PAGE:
Dropping the car off was efficient enough and well signposted, with the airport being just off the I80 and very convenient really. Rather than get a taxi back this time we’d figured out that we could use the Utah Transit Authority (UTA) TRAX (Metro) from the airport to North Temple where it interchanges for the UTA Frontrunner train service to Salt Lake Central.
UTA offers a cracking value ticket which is simply titled a Group Pass, which costs $15 and is valid on the whole UTA system on the train, light rail, bus & street car systems after 0830 for the remainder of that day; we bought one from the ticket machine on the TRAX platform at the airport station, with no hassle at all.
The afternoon was simply spent doing railway related things between Salt Lake Central and North Temple; much to the bemusement of the UTA staff that kept seeing us get on every train departing towards North Temple for the 2 hours we were riding about!
Cranking finished for the day I used the free Wi-Fi at the Greyhound bus terminal next to Salk Lake station and found our Amtrak California Zephyr to be over 3 hours late so with that in mind we walked the mile or so into town to the Squatters Pub and Brewery, which was quite full for a midweek night. I can recommend their Respect Your Mother Amber and the food was cracking; just what we needed to top the day off and prepare us for another night on Amtrak. We opted to walk back to the station via the roads and not through the park as we had done on the outward walk; although those dosing on the grass would have had a rude awakening as every inch of grass in Salt Lake City seemed to be getting a watering courtesy of the City’s sprinkler system!
The Amtrak office at Salk Lake City didn’t open until 2200 and was quite full by the time we arrived after 2300. There was no queue at the counter though and we managed to change our travel arrangements, to get us from Emeryville to San Francisco, quite easily. Rather than getting an Amtrak California train to Oakland and doing the Bay Area Rapid Transport (BART) to San Francisco and then trying to get to the Caltrain station at San Francisco we paid $2 more and booked on the connecting Amtrak bus from Emeryville, which terminated at the Caltrain station in San Francisco, taking the hassle factor out of things, especially with the “Zephyr” being late.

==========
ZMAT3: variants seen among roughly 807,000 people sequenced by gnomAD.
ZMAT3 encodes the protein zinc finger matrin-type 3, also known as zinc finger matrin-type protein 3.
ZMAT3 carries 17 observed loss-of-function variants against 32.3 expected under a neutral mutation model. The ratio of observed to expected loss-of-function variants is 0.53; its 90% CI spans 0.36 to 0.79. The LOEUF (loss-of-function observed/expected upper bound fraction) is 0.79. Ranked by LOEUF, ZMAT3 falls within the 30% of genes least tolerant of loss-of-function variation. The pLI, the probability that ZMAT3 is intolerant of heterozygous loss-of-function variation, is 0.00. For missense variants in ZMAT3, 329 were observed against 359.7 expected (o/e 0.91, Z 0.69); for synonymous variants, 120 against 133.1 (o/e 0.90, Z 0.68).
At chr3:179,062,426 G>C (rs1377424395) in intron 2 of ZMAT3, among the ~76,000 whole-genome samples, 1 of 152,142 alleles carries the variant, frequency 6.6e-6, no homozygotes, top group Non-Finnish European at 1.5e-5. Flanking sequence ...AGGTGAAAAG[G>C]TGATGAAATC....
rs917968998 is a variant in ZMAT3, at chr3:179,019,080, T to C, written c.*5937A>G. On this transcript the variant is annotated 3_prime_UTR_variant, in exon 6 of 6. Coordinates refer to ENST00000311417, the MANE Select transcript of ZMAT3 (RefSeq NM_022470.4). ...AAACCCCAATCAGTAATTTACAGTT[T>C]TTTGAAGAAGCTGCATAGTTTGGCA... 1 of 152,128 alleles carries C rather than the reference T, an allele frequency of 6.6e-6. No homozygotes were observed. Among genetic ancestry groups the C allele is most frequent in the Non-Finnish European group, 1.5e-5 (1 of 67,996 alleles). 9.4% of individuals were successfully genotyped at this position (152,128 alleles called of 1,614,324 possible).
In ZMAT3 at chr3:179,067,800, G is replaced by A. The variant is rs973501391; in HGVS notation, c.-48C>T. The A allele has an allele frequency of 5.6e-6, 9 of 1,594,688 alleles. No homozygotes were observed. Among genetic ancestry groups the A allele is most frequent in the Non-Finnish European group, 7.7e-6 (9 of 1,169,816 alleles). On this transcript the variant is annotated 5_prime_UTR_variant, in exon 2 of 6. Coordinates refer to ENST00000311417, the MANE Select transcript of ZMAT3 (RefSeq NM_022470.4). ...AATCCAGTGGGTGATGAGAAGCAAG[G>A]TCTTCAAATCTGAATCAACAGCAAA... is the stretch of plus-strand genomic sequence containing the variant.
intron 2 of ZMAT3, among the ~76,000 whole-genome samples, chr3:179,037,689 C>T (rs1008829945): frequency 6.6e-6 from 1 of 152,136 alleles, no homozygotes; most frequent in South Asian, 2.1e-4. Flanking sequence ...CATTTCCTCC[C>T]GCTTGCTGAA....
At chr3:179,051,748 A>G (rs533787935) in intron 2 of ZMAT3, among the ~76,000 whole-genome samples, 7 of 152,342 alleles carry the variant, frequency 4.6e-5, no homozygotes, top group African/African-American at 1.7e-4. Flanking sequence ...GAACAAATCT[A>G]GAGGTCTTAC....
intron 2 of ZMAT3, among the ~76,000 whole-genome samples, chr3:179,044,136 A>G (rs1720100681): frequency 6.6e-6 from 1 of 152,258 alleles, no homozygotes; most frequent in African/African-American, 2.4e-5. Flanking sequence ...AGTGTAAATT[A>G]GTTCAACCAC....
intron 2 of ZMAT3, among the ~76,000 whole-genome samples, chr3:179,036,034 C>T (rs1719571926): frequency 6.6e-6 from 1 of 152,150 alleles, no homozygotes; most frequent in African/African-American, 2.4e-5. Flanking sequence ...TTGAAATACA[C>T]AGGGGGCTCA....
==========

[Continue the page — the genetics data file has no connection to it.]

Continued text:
Amtrak GE P42’s #96 & #122 turned up with our Emeryville bound California Zephyr at approx 0135, 2h30m late. Boarding wasn’t done until everyone had got off the platform and even then none of the roomettes were ready as a large party of folk has just got off at Salt Lake City and they all had to be made up from scratch before people could board. We weren’t far off 3 hours late by the time we departed. There was no messing about in our compartment, beds were made, bags stowed and doss…….
The Photos at the Nevada Northern Railway Museum
The Photos en-route Ely, Nevada to Salt Lake, Utah
Friday 20th June 2014 (None of this is on my map…..)
We were up for breakfast; of course it would have been rude not to be when it wasn’t costing anything! After which we settled for the run through Reno and over the Donner Pass, a very scenic journey indeed.
After lunch the familiar site of Martinez soon approached in the late afternoon and we were treated to a nice sunset over the bay as we approached Emeryville, where we arrived 3 hours late. The connecting bus was waiting outside the station doors for us but wasn’t in a rush to go anywhere, mainly due to waiting for checked luggage to be got off the train; which then had to be collected by the owners as the guy that usually did the transfer had refused to do it after being pushed the previous day!
Whilst we had plenty of time to make the 2040 Caltrain from San Francisco to San Bruno we managed to miss it by less than 10 minutes thanks to all the drop-off’s being completely wrong for the Caltrain stop. Despite the bus entering San Francisco over the Bay Bridge, which isn’t far from the Caltrain station at all, it then heads away from the Caltrain station and drops off along the piers first, before having to negotiate the San Francisco one way system to get back to the Caltrain station; the result being us missing the 2040 train by minutes and the next one not being for an hour!
Subway on the station had to suffice for our evening meal as there wasn’t much else on offer within walking distance of the station. Tickets on Caltrain are done by zones and a single to San Bruno only cost $3; San Bruno being the last station in zone 1.
Our Caltrain from San Francisco dropped us off 11 miles later at San Bruno; which was where the confusion began! We’d got off at the correct stop yet none of the surroundings were on the map I’d printed out. Thanks to the very good offline Mapdroid app we soon figured out what the hell was going off. It turned out that the Caltrain station on Google Maps was actually a temporary one and the new one, the one we’d just got off at, had opened only a few months previous (according to the hotel receptionist when we got there). The annoying thing about it was that we were over a mile from the hotel, instead of only 2 blocks and a 20 minute walk followed our arrival.